The LSWR was absorbed into the Southern Railway on Grouping in 1923, accompanied by the neighbouring LB&SCR and SE&CR. The M7s were the largest single class of tank engine to be inherited by the Southern Railway, and under this company’s auspices their operational scope increased. The LSWR numbering series was retained, but between 1923 and 1928 an ‘’E’’ prefix was displayed in front of the number (simply denoting Eastleigh). Several of the type were allocated to the Central Division which, in spite of the electrification mania of the 1930s, still retained large pockets of un-electrified railway. Typically, they were employed on push-pull branch services, featuring on those rural lines around Oxted and Tunbridge Wells West.

During the 1950s a substantial number of the “push-pull” fitted members of the class was transferred to the Central Section of the Southern Region, at Brighton and Horsham, replacing worn-out class D3 locomotives on the branch lines of the former London Brighton and South Coast Railway in West Sussex. A further ten were transferred to Tunbridge Wells and Three Bridges in 1955 for use on East Sussex branches. These were less well accepted by the train crews, who preferred the less powerful SECRH class. Others remained in the London area on empty stock workings, notably between Clapham Junction and Waterloo Station.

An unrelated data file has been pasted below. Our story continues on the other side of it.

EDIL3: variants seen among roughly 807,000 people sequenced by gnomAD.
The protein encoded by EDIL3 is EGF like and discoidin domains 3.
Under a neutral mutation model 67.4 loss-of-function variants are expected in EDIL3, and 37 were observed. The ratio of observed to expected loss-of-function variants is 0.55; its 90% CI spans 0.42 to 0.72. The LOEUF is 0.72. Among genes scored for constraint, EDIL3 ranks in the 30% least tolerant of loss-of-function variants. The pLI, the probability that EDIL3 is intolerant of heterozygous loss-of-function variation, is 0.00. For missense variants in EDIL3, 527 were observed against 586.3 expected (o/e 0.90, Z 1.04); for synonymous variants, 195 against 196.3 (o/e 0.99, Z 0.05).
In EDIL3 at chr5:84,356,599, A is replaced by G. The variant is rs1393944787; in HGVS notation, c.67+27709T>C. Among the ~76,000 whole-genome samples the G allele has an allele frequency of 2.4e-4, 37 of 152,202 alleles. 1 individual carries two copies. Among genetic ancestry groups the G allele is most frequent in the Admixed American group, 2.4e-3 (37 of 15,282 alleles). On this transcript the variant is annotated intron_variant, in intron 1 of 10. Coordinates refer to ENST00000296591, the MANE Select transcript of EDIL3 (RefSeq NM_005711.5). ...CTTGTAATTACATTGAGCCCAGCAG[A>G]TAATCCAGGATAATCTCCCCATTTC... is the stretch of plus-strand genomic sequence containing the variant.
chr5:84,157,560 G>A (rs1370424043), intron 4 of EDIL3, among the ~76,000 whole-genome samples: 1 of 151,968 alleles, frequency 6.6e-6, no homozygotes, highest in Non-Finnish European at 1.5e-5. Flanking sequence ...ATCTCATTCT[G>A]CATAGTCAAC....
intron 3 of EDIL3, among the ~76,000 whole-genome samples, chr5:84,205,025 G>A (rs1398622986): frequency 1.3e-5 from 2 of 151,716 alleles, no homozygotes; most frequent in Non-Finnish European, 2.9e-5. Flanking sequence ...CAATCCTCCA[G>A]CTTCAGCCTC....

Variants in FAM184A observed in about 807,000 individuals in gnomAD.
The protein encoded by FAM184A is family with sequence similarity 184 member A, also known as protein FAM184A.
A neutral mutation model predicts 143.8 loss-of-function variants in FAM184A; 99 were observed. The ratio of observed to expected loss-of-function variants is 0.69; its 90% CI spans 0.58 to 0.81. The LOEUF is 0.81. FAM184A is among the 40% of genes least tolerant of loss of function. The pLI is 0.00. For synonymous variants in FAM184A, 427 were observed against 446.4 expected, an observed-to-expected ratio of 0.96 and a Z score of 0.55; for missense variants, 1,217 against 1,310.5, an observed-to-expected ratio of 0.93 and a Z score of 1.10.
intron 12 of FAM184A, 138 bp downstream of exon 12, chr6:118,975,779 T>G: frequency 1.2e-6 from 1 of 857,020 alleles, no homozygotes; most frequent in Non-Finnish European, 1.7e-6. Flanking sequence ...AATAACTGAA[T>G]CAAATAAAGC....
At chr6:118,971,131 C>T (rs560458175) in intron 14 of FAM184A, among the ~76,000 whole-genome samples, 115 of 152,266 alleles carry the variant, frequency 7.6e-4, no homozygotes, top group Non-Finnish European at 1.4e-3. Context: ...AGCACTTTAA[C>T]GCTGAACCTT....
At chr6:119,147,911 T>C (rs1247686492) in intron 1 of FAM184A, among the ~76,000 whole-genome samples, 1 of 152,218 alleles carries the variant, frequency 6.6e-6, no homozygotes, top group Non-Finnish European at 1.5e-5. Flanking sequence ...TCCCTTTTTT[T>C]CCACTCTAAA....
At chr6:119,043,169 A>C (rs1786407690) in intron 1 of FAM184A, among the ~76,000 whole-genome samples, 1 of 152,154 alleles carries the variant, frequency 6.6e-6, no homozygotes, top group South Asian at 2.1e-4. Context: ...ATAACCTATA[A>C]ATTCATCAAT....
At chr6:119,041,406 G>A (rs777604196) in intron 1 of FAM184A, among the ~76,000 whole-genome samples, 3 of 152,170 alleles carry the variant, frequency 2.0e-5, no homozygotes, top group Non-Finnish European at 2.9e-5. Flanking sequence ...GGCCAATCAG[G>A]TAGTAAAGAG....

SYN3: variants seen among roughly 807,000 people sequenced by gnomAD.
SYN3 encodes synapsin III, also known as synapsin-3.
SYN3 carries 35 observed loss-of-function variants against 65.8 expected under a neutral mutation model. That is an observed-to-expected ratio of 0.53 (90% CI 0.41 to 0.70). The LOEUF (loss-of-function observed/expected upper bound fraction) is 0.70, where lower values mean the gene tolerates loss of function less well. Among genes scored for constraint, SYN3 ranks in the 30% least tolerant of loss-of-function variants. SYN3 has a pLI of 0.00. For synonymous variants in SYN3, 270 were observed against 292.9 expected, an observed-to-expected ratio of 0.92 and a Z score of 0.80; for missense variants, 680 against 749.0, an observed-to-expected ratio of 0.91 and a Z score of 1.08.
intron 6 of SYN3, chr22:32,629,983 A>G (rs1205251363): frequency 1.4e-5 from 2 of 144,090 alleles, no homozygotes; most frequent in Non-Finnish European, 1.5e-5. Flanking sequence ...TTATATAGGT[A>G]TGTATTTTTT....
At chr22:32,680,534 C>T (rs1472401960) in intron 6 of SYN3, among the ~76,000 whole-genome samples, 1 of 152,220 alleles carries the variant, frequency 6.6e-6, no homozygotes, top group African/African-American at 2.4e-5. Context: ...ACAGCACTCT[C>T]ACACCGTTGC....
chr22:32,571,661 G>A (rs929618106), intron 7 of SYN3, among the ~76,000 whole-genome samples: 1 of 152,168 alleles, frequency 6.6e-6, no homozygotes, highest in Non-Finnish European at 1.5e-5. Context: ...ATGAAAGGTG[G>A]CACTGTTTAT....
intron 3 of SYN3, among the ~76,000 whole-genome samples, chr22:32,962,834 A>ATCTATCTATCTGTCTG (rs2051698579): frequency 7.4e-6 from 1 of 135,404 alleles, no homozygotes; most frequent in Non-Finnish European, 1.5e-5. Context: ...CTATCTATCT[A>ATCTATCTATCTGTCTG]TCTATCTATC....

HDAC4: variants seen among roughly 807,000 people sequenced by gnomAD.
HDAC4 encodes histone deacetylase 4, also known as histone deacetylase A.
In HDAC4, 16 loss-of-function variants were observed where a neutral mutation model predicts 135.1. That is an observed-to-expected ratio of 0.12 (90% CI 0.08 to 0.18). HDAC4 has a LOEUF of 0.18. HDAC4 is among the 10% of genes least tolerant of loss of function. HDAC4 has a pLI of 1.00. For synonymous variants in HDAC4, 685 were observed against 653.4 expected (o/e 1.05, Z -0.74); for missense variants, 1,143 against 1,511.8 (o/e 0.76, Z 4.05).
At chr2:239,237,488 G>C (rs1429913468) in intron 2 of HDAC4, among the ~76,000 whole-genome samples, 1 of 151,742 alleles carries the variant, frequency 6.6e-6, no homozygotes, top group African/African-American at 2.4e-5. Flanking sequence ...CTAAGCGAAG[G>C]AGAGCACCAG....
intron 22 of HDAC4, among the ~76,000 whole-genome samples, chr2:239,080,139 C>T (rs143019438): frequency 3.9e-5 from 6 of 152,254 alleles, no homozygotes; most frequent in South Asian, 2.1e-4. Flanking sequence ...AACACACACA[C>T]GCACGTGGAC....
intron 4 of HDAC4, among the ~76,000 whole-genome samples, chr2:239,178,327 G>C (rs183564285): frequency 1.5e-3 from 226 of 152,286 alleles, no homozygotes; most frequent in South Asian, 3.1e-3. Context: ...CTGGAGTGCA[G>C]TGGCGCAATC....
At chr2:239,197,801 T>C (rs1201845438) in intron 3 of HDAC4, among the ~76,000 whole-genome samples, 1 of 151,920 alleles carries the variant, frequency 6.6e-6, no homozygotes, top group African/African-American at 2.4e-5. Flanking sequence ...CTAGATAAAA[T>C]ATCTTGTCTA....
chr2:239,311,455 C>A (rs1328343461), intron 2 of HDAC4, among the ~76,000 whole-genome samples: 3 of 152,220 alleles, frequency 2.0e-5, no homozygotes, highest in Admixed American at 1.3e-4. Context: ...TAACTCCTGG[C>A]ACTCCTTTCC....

The class was gradually replaced in the southeast England during the late 1950s and early 1960s due to the introduction of further electrification, new lightweight standard steam classes, diesel shunters, and diesel-electric multiple units. By the end of 1963 the majority that remained were based at Bournemouth to work the Swanage branch.

 

Number in Service.

Built

Withdrawals No. in Service
BR Numbers Quantity
1897 30242-56

15

30667-76

10

  25

1898 30031-40

10

  35

1899 30022-26

  5

30041-44

  4

30241

  1

  45

1900 30112

  1

30318-24

  7

30356-7

  2

  55

1903 30123-24

  2

30130

  1

30132-3

  2

30374-8

  5

  65

1904 30021

  1

30027-30

  4

30108-11

  4

30379

  1

  75

1905 30045-55

11

30104-7

  4

  90

1906 30056-60

  5

  95

1911 30125-29

  5

30131

 1

30328

 1

30479-81

3

105

1912-36

105

1937 30126

    1

104

1938-47

104

1948 30672

    1

103

1949-56

103

1957

    4

  99

1958

    8

  91

1959

  16